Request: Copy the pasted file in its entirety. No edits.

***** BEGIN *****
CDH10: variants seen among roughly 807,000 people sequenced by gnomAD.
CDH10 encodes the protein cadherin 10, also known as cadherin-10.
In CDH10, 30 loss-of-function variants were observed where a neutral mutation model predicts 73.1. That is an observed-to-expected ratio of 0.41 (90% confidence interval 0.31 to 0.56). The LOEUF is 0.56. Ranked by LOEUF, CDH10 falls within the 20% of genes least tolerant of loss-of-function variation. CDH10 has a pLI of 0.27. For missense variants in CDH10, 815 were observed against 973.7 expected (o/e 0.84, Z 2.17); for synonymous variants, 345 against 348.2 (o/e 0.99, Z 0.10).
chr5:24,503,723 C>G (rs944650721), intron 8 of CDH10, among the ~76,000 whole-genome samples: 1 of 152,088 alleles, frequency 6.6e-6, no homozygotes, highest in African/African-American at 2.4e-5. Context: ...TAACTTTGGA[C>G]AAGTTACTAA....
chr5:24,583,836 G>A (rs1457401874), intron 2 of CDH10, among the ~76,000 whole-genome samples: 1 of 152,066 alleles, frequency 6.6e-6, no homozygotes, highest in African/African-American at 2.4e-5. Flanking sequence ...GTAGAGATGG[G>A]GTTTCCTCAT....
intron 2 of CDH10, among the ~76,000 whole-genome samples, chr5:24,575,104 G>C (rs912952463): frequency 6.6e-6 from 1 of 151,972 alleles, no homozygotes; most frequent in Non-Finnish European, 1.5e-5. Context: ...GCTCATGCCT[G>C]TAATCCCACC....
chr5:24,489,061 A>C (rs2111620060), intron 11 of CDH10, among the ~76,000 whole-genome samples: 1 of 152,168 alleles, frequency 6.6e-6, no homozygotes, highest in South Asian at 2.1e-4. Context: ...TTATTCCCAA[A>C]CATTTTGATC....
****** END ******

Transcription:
CDH10: variants seen among roughly 807,000 people sequenced by gnomAD.
CDH10 encodes the protein cadherin 10, also known as cadherin-10.
In CDH10, 30 loss-of-function variants were observed where a neutral mutation model predicts 73.1. That is an observed-to-expected ratio of 0.41 (90% confidence interval 0.31 to 0.56). The LOEUF is 0.56. Ranked by LOEUF, CDH10 falls within the 20% of genes least tolerant of loss-of-function variation. CDH10 has a pLI of 0.27. For missense variants in CDH10, 815 were observed against 973.7 expected (o/e 0.84, Z 2.17); for synonymous variants, 345 against 348.2 (o/e 0.99, Z 0.10).
chr5:24,503,723 C>G (rs944650721), intron 8 of CDH10, among the ~76,000 whole-genome samples: 1 of 152,088 alleles, frequency 6.6e-6, no homozygotes, highest in African/African-American at 2.4e-5. Context: ...TAACTTTGGA[C>G]AAGTTACTAA....
chr5:24,583,836 G>A (rs1457401874), intron 2 of CDH10, among the ~76,000 whole-genome samples: 1 of 152,066 alleles, frequency 6.6e-6, no homozygotes, highest in African/African-American at 2.4e-5. Flanking sequence ...GTAGAGATGG[G>A]GTTTCCTCAT....
intron 2 of CDH10, among the ~76,000 whole-genome samples, chr5:24,575,104 G>C (rs912952463): frequency 6.6e-6 from 1 of 151,972 alleles, no homozygotes; most frequent in Non-Finnish European, 1.5e-5. Context: ...GCTCATGCCT[G>C]TAATCCCACC....
chr5:24,489,061 A>C (rs2111620060), intron 11 of CDH10, among the ~76,000 whole-genome samples: 1 of 152,168 alleles, frequency 6.6e-6, no homozygotes, highest in South Asian at 2.1e-4. Context: ...TTATTCCCAA[A>C]CATTTTGATC....